Editorial: Rosies' impact shines as example yet today
It's been a big week for the women in West Virginia who filled what has become the iconic role of Rosie the Riveter during World War II.
On Tuesday, a state-owned facility at 2699 Park Ave. in Commerce Park was dedicated as a Rosie the Riveter Building, with a special plaque affixed to the structure. On Wednesday, a series of events included the showing of a documentary film featuring several of the women who kept the factories rolling at home to support the World War II effort, a meeting allowing the public to talk with several Rosies, the unveiling of the first Blenko Glass Co. art to depict Rosies at work and a dinner. That program was fittingly called "Huntington Becomes a Model Rosie the Riveter Community," a distinction the community should be proud of.
Key to making all this happen was Anne Montague, a Charleston woman whose mission has become to honor Rosie the Riveters throughout West Virginia as well as in other states. She founded the organization Thanks! Plain and Simple, and, with the help of volunteers, has undertaken a number of projects honoring the Rosies. Inspired by the fact that her mother worked in a Huntington factory during World War II, Montague has devoted her efforts to ensuring that these women get the recognition they deserve and their stories are preserved for future generations. Her work is much like the work of those who have focused on gathering the stories of the men whom the Rosies replaced in the factories at home.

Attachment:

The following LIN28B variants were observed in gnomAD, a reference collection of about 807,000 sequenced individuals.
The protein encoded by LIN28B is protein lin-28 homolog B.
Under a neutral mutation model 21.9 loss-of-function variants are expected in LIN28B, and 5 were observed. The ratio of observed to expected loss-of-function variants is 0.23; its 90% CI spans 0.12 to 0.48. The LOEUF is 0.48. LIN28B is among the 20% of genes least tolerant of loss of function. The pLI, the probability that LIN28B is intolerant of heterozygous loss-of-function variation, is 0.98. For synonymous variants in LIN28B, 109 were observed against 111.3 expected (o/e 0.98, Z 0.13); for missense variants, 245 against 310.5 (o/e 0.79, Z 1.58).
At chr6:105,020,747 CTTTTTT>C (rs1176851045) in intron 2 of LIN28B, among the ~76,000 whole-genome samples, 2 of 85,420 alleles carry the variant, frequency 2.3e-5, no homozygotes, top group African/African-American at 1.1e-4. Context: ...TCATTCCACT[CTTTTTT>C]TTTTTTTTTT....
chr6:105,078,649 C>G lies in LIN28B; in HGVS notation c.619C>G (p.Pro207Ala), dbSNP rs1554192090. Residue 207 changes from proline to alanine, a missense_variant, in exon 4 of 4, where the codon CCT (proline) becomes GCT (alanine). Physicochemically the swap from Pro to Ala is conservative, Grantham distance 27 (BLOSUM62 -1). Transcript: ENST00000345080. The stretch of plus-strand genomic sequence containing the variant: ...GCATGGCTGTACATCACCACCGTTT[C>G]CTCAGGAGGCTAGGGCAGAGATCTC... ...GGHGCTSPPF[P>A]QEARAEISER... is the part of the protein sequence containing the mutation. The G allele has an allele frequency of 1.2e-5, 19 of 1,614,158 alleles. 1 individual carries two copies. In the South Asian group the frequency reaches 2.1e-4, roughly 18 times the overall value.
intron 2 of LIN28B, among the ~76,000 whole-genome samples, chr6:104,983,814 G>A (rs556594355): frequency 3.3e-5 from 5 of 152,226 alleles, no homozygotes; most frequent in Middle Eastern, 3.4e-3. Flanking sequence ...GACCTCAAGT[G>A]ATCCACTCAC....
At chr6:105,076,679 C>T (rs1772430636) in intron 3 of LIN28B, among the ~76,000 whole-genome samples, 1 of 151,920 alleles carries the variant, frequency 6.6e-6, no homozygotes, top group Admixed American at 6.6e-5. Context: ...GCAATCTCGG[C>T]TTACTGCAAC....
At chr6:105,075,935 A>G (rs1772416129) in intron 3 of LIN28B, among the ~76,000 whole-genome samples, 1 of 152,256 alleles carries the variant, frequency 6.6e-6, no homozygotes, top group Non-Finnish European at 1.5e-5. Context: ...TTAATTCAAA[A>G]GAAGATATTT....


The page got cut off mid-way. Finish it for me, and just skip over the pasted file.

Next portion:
We join Montague in honoring Rosies not only for their work in supporting the United States' successful war effort during the 1940s, but also for showing the world how capable women are. The latter accomplishment still resonates across the country today.
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